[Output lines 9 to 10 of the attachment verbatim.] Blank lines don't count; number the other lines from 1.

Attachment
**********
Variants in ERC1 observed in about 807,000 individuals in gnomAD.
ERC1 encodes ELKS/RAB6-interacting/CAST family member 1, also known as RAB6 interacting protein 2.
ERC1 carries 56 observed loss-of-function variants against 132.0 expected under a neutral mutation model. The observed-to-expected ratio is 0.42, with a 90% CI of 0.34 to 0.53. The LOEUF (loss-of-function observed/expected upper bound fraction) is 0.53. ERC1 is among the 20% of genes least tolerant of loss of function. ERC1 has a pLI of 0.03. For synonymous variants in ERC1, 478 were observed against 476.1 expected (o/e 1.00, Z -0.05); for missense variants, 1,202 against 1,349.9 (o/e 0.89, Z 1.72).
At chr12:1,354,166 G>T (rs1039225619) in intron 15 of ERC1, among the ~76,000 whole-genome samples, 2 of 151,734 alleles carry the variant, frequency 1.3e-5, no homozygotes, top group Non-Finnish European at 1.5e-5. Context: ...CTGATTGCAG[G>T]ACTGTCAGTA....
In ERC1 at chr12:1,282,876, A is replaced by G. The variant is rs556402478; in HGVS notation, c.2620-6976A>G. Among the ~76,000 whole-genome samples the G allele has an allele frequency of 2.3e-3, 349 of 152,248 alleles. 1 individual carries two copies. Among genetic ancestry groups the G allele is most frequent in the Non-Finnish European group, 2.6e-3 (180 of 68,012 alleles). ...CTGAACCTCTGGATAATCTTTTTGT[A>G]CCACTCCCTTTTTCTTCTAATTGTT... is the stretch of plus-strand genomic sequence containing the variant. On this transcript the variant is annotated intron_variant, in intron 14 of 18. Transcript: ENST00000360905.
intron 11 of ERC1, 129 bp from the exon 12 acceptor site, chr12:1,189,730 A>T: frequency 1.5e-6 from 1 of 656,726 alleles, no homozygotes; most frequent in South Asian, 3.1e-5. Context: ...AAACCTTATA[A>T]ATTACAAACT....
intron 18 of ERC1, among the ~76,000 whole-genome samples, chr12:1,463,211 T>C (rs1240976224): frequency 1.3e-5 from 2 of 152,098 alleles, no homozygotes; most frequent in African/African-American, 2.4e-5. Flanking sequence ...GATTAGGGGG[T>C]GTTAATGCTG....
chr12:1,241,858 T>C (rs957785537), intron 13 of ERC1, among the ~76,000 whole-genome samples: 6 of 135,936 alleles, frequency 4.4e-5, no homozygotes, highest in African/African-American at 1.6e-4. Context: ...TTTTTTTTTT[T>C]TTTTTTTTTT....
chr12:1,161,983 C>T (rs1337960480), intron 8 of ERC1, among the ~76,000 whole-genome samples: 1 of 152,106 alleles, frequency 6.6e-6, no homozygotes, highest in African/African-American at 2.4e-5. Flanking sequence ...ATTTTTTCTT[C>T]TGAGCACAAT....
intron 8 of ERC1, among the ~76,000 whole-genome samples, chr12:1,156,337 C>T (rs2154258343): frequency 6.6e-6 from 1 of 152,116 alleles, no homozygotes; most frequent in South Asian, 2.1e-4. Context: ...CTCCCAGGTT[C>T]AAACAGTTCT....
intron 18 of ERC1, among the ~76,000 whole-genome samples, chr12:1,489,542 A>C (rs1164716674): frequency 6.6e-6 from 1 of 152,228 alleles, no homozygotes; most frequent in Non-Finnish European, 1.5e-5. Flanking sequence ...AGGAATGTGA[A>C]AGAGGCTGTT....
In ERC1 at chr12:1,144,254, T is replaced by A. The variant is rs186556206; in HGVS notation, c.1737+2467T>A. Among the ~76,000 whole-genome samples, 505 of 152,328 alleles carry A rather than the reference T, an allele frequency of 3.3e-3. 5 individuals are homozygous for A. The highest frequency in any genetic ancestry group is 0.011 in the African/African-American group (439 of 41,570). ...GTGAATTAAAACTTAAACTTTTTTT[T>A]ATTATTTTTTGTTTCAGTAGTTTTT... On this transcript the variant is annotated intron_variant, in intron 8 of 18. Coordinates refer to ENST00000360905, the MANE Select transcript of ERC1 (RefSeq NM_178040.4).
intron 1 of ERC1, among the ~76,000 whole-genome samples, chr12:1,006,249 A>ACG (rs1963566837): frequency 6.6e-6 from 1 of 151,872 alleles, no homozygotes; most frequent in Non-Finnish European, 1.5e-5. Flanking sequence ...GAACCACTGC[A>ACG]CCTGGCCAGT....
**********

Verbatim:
chr12:1,161,983 C>T (rs1337960480), intron 8 of ERC1, among the ~76,000 whole-genome samples: 1 of 152,106 alleles, frequency 6.6e-6, no homozygotes, highest in African/African-American at 2.4e-5. Flanking sequence ...ATTTTTTCTT[C>T]TGAGCACAAT....
intron 8 of ERC1, among the ~76,000 whole-genome samples, chr12:1,156,337 C>T (rs2154258343): frequency 6.6e-6 from 1 of 152,116 alleles, no homozygotes; most frequent in South Asian, 2.1e-4. Context: ...CTCCCAGGTT[C>T]AAACAGTTCT....